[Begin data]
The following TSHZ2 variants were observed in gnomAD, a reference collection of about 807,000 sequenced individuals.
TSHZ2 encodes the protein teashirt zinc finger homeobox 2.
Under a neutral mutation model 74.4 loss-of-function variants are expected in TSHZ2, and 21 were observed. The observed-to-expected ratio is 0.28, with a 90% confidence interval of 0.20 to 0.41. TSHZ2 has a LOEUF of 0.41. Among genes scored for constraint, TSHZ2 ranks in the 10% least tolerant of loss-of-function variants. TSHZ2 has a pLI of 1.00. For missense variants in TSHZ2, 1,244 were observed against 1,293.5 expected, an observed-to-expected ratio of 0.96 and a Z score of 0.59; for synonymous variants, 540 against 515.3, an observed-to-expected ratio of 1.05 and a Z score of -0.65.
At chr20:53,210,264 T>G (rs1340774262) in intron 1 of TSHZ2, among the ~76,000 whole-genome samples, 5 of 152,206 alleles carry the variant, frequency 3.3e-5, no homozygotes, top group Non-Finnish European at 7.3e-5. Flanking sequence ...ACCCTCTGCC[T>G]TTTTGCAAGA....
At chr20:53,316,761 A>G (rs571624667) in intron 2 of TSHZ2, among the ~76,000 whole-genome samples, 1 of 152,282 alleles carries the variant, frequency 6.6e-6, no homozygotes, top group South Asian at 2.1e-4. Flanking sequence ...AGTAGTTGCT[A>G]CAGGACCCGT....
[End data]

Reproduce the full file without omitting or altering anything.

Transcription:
The following TSHZ2 variants were observed in gnomAD, a reference collection of about 807,000 sequenced individuals.
TSHZ2 encodes the protein teashirt zinc finger homeobox 2.
Under a neutral mutation model 74.4 loss-of-function variants are expected in TSHZ2, and 21 were observed. The observed-to-expected ratio is 0.28, with a 90% confidence interval of 0.20 to 0.41. TSHZ2 has a LOEUF of 0.41. Among genes scored for constraint, TSHZ2 ranks in the 10% least tolerant of loss-of-function variants. TSHZ2 has a pLI of 1.00. For missense variants in TSHZ2, 1,244 were observed against 1,293.5 expected, an observed-to-expected ratio of 0.96 and a Z score of 0.59; for synonymous variants, 540 against 515.3, an observed-to-expected ratio of 1.05 and a Z score of -0.65.
At chr20:53,210,264 T>G (rs1340774262) in intron 1 of TSHZ2, among the ~76,000 whole-genome samples, 5 of 152,206 alleles carry the variant, frequency 3.3e-5, no homozygotes, top group Non-Finnish European at 7.3e-5. Flanking sequence ...ACCCTCTGCC[T>G]TTTTGCAAGA....
At chr20:53,316,761 A>G (rs571624667) in intron 2 of TSHZ2, among the ~76,000 whole-genome samples, 1 of 152,282 alleles carries the variant, frequency 6.6e-6, no homozygotes, top group South Asian at 2.1e-4. Flanking sequence ...AGTAGTTGCT[A>G]CAGGACCCGT....